Can’t Top the Stop
By Matt Tapia
Pity the poor taco-truck taco. For years, this Mexican quick bite simply didn’t get any respect; relegated to the culinary ghetto, it never got an even break. Afforded the same consideration and regard as those bacon-wrapped numbers sold at the curb to club-goers and canned mystery meat, the taco-truck taco was something you didn’t want to eat unless you absolutely had to.
Then the game changed. Enter Roy Choi and his Kogi Korean BBQ fleet (and its many clones) which suddenly made fast-food ordered from a vehicle trendy, new and actually tasty. The bar was raised and getting your grub from food trucks became this post-Abstract-Expressionist thing . . . an actual experience.
But amidst the fusion food trucks, the crêpe trucks, the Cajun trucks and dim sum trucks, the taco sort of got lost in the shuffle.
Stop by The Original Taco Stop in Corona and the taco gets the respect it deserves—minus the restaurant-on-wheels aesthetic. It’s part of this minimalist restaurant’s bread-and-butter menu that also includes the old standards such as burritos as well as tortas and the usual accoutrements like horchata. Here, the taco is treated the way it should always be; adorned with cilantro, liberally sprinkled with onions, doused in salsa and wrapped up snugly inside one of those street taco-sized tortillas. They’re two bucks each, and two will fill your gullet nicely without the heartburn or regret.
Buyer beware: If you’re dropping by this place around lunchtime (something I’ve caught myself trying to avoid), expect a long line and a long wait. Luckily, there’s a television set inside to keep you entertained as you wait for 15 to 20 minutes to pass (not kidding) for your order to get filled. It’ll entertain you as long as you consider Univision entertainment (I don’t).
Normally, a long line and a lone wait is a turn-off. Yes, the food could be good—duh, that’s why there’s a line!—but sometimes it’s just a sign that a low-budget place is understaffed, under-funded . . . and let’s face it, under-flavored.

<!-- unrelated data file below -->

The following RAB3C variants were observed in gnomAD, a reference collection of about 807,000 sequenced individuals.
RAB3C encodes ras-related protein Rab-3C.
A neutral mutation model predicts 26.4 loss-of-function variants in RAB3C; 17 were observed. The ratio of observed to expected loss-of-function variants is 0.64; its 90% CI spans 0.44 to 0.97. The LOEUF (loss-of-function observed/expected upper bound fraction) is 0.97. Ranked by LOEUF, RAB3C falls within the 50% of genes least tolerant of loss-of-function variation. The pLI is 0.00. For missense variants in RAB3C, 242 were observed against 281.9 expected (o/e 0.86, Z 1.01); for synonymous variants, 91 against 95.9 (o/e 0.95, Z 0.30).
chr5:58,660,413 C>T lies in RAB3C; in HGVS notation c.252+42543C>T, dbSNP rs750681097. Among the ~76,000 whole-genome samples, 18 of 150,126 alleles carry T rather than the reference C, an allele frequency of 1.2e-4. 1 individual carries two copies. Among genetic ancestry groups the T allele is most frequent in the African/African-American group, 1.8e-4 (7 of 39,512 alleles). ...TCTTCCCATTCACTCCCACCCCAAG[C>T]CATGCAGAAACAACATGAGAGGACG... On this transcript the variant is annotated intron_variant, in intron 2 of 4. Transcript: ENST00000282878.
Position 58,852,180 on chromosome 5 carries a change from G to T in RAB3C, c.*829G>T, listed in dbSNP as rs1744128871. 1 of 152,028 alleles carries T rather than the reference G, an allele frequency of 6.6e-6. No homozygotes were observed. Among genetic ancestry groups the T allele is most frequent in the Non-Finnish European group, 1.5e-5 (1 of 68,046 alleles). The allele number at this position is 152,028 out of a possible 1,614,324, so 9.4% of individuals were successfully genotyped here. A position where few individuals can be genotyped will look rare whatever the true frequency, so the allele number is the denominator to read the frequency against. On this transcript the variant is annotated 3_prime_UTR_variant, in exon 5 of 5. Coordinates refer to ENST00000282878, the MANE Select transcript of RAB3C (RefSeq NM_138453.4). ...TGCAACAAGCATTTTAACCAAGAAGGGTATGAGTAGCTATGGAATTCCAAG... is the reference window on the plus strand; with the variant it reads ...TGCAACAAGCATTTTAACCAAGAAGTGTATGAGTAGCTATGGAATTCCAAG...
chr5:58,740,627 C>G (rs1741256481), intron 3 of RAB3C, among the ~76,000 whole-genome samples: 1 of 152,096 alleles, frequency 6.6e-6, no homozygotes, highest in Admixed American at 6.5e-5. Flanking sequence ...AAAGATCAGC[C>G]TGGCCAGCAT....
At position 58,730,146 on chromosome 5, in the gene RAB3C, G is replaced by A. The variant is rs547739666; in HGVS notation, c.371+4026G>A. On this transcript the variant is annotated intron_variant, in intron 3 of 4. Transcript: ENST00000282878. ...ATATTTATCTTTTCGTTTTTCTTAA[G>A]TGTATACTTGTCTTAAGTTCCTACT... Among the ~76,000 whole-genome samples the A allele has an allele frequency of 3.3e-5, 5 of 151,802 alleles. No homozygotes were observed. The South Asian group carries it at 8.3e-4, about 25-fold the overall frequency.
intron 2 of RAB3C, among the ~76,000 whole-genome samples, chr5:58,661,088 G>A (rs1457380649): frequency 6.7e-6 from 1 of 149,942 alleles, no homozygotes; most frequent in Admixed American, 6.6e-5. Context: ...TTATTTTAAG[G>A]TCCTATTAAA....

But not always. Sometimes the obvious, is, well obvious. There’s a long line at The Original Taco Stop because their food, while not reinventing the rueda, is simple, savory and back-to-basics Mexican comfort food. Heck, they’ve even got birria (goat meat stew) on the menu!
As you enter the Stop, you’ll notice several things. First, you’ll hear a dude in the back hacking away periodically at some flank steak in preparation of the next order. That’s how they do lunch here, folks. Secondly, there are no servers here. Man up, step up to the counter and order your meal all by yourself.
Thirdly, you’ll see a pretty impressive salsa bar loaded with the traditional condiments: jalapeños, pickled carrots and (surprise, surprise) radishes bobbing gently in a plastic bin filled with water.
And the salsa, oh that salsa. There are no labels here to tell you how spicy the salsa is or isn’t. No “mild.” No “medium.” No “hot.” Just spicy goodness that’s awesomely the salty and vinegary side.
And then there are the aforementioned tacos. I’ve grown addicted to their carne asada versions and I’ve also sampled their lengua (read: beef tongue) ones as well. Delish.
These are plump fat tacos (order them with “everything”—you won’t be disappointed) that are moist and warm from the grill. These are God’s Tacos, my friends. OK, maybe that’s too much hyperbole, but can you guess these have found a way into my heart?
See you at the salsa bar.
The Original Taco Stop, 161 N. McKinley St., Corona, (951) 340-9088. MC, V.